Moon blindness is an inflammation of the eye affecting the uvea or vascular tissues of the eye. It may affect one or both eyes. It is also known as equine recurrent uveitis (ERU), iridocyclitis and periodic ophthalmia. According to Dr. Brian C. Gilger, DVM, this disease affects approximately 2 percent of all horses, with Appaloosas disproportionally affected. Up to 25 percent of all cases of moon blindness are found in the Appaloosa breed. While some cases of moon blindness resolve on their own, many horses go completely blind from the disease.
Types of Moon Blindness
Moon blindness may be divided into two types, chronic and acute. In chronic moon blindness, the horse's eye shows constant signs of an immune system response. Some degree of inflammation is always present in the eye. Acute cases are sudden onsets of inflammation that go away completely once the underlying cause is treated.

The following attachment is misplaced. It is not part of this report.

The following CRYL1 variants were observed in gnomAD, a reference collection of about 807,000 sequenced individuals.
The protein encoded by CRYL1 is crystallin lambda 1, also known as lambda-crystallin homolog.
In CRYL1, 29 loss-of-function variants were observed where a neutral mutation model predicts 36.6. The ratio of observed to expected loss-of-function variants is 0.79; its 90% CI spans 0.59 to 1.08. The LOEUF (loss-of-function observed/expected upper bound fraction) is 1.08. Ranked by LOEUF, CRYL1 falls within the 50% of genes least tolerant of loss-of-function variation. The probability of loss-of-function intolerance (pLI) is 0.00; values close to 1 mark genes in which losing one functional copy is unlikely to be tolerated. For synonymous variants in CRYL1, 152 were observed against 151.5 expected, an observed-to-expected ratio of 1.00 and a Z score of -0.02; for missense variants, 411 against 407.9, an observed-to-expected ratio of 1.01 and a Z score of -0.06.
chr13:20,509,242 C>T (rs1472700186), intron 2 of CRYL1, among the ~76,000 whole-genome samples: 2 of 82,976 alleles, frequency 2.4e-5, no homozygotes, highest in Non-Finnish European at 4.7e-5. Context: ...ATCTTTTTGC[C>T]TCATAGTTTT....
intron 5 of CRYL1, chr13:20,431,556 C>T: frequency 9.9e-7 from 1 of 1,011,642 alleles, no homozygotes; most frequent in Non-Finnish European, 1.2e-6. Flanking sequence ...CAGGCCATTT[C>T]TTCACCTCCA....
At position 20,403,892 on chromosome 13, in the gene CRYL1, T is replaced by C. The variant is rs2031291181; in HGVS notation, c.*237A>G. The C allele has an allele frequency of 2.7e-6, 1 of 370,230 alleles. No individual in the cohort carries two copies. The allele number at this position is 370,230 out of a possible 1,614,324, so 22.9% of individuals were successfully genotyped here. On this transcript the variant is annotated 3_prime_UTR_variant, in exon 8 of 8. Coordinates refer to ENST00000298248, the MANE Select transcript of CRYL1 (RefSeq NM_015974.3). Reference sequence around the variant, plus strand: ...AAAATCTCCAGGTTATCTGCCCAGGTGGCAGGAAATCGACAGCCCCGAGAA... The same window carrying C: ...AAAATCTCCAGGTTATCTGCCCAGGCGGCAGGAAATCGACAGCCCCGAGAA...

Chronic moon blindness may be caused by viruses, bacteria or parasites infecting the eye. Acute moon blindness can be caused by accidents or trauma, such as a horse getting hay, dirt or another foreign object lodged in the eye. Why Appaloosas seem to get moon blindness more than other horse breeds is unknown, but genetic susceptibility may play a role.
Symptoms of moon blindness vary. The affected eye may be reddened or cloudy-looking. The horse may shy away from objects on the affected side since his vision is impaired. He may squint, blink or tear from the infected eye. He may also be sensitive to light or sudden changes in amount of light, such as when he's walked out from a darker stable area into bright sunshine.
Moon blindness cannot be cured. Treatment goals include pain relief, minimizing inflammation and resolving the underlying infection or trauma. Non steroidal anti-inflammatory pain relief medication and topical steroids may be prescribed by a veterinarian to improve the horse's comfort and reduce swelling. Researchers are currently experimenting with time-released cyclosporine implants.
Jeanne Grunert has been a writer since 1990. Covering business, marketing, gardening and health topics, her work has appeared in the "Chicken Soup for the Soul" books, "Horse Illustrated" and many national publications. Grunert earned her Master of Arts in writing from Queens College and a Master of Science in direct and interactive marketing from New York University.